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The society of the South in the early republic


“This unfortunate condition of the planters of the South has not been entirely the result of natural causes. The present crisis under which they labor, and which has been brought about by that unerring law that regulates the exchangeable commodities of all the commercial world, most clearly demonstrates that the culture of cotton as the great staple of our country, and the chief source of our national and individual wealth, engendered an inordinate eagerness to devote all the available agricultural labor of the South to its production; and the large surplus of which we now complain, the rapid accumulation of a few brief years, also conclusively demonstrates that the profits realized from its cultivation far out-stripped and defied the competition of any other agricultural staple.”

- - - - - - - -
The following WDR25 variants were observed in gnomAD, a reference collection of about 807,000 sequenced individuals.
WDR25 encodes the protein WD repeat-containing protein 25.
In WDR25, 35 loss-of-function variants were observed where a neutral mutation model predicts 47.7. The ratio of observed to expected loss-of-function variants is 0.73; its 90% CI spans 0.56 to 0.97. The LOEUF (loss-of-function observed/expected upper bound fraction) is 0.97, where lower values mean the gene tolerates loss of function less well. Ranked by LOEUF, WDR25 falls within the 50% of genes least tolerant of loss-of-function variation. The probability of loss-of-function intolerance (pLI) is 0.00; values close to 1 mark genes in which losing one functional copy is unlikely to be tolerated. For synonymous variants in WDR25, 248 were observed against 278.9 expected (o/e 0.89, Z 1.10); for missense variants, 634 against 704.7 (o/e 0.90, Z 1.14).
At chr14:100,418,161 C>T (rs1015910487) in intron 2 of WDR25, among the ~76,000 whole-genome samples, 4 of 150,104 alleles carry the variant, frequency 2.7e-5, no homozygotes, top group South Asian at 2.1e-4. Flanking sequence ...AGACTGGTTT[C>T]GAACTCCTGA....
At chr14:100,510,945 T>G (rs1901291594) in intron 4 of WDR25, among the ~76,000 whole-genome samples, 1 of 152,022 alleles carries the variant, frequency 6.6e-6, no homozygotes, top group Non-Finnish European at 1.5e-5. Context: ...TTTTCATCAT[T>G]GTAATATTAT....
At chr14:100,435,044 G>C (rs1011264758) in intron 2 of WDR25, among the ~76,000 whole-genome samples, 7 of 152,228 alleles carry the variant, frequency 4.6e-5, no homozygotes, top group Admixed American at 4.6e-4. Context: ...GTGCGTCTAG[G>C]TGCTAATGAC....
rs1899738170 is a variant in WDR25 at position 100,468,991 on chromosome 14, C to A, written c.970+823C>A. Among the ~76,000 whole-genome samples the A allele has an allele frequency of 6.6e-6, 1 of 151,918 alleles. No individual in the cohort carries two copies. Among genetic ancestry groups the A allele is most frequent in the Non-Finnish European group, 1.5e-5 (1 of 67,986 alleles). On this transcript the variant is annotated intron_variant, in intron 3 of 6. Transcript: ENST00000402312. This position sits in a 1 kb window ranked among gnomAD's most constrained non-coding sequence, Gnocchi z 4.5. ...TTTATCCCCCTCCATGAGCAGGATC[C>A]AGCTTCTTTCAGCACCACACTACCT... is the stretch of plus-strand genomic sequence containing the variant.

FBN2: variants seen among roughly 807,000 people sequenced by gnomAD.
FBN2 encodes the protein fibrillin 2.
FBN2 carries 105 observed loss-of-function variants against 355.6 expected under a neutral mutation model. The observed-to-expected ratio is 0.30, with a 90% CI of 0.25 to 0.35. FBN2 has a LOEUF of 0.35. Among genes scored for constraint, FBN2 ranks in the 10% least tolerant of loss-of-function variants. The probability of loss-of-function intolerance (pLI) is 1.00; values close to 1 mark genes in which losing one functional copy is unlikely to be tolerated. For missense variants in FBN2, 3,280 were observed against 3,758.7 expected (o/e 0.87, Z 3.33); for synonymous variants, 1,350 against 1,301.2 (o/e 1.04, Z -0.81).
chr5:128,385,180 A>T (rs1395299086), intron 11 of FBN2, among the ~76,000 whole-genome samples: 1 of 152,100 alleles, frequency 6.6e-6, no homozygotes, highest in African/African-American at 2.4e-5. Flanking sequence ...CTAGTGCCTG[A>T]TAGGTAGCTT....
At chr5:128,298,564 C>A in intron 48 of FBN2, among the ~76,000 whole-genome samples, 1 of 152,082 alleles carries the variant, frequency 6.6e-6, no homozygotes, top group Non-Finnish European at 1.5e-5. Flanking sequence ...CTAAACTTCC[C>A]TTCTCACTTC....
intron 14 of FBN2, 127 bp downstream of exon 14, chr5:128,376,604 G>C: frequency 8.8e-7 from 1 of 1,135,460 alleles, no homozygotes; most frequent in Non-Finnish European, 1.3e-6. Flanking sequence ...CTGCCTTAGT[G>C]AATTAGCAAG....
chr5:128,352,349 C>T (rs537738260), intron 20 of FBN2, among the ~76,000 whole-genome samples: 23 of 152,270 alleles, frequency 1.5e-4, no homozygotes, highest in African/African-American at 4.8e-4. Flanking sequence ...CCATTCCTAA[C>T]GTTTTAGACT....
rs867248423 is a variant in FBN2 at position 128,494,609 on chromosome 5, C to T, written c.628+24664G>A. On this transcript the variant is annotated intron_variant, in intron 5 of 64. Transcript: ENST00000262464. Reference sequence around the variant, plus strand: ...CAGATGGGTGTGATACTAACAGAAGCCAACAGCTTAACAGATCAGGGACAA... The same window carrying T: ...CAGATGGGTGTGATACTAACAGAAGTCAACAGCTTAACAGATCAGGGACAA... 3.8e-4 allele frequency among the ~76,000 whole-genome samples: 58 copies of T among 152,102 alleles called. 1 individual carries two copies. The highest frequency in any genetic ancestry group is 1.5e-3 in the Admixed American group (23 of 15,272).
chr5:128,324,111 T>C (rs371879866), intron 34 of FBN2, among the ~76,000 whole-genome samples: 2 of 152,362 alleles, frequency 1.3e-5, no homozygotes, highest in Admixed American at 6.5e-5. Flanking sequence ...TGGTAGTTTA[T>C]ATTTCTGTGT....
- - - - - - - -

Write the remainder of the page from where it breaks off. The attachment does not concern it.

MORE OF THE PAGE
-Source: James Dunwoody Brownson De Bow, De Bow’s Review, Volume 1, Issue 3, University of Michigan, 1846
De Bow most likely wrote his account for which of the following reasons?
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